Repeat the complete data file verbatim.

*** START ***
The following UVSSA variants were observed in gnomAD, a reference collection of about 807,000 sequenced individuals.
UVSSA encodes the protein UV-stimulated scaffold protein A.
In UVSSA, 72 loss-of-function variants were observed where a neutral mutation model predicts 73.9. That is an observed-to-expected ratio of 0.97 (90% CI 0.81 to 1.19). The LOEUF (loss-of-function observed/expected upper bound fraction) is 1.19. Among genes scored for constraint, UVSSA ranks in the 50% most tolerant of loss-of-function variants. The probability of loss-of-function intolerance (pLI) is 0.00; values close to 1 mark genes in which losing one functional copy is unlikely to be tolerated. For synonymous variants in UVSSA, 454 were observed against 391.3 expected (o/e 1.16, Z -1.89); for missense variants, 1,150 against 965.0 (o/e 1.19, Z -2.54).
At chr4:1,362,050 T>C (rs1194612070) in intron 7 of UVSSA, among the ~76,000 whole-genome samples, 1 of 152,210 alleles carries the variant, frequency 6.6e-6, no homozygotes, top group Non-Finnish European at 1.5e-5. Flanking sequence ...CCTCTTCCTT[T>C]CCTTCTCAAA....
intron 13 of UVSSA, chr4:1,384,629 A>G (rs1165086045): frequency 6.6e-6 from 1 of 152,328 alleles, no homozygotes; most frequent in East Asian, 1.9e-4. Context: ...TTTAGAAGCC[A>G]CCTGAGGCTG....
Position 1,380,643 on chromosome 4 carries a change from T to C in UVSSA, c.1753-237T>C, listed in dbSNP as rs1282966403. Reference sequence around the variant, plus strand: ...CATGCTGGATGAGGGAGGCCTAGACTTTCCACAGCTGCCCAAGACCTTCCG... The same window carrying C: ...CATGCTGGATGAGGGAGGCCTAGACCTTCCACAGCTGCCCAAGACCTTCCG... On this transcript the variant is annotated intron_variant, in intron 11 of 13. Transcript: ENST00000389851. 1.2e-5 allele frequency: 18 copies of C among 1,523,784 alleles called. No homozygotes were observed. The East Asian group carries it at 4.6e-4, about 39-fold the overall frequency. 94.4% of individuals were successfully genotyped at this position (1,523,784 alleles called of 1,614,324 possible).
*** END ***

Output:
The following UVSSA variants were observed in gnomAD, a reference collection of about 807,000 sequenced individuals.
UVSSA encodes the protein UV-stimulated scaffold protein A.
In UVSSA, 72 loss-of-function variants were observed where a neutral mutation model predicts 73.9. That is an observed-to-expected ratio of 0.97 (90% CI 0.81 to 1.19). The LOEUF (loss-of-function observed/expected upper bound fraction) is 1.19. Among genes scored for constraint, UVSSA ranks in the 50% most tolerant of loss-of-function variants. The probability of loss-of-function intolerance (pLI) is 0.00; values close to 1 mark genes in which losing one functional copy is unlikely to be tolerated. For synonymous variants in UVSSA, 454 were observed against 391.3 expected (o/e 1.16, Z -1.89); for missense variants, 1,150 against 965.0 (o/e 1.19, Z -2.54).
At chr4:1,362,050 T>C (rs1194612070) in intron 7 of UVSSA, among the ~76,000 whole-genome samples, 1 of 152,210 alleles carries the variant, frequency 6.6e-6, no homozygotes, top group Non-Finnish European at 1.5e-5. Flanking sequence ...CCTCTTCCTT[T>C]CCTTCTCAAA....
intron 13 of UVSSA, chr4:1,384,629 A>G (rs1165086045): frequency 6.6e-6 from 1 of 152,328 alleles, no homozygotes; most frequent in East Asian, 1.9e-4. Context: ...TTTAGAAGCC[A>G]CCTGAGGCTG....
Position 1,380,643 on chromosome 4 carries a change from T to C in UVSSA, c.1753-237T>C, listed in dbSNP as rs1282966403. Reference sequence around the variant, plus strand: ...CATGCTGGATGAGGGAGGCCTAGACTTTCCACAGCTGCCCAAGACCTTCCG... The same window carrying C: ...CATGCTGGATGAGGGAGGCCTAGACCTTCCACAGCTGCCCAAGACCTTCCG... On this transcript the variant is annotated intron_variant, in intron 11 of 13. Transcript: ENST00000389851. 1.2e-5 allele frequency: 18 copies of C among 1,523,784 alleles called. No homozygotes were observed. The East Asian group carries it at 4.6e-4, about 39-fold the overall frequency. 94.4% of individuals were successfully genotyped at this position (1,523,784 alleles called of 1,614,324 possible).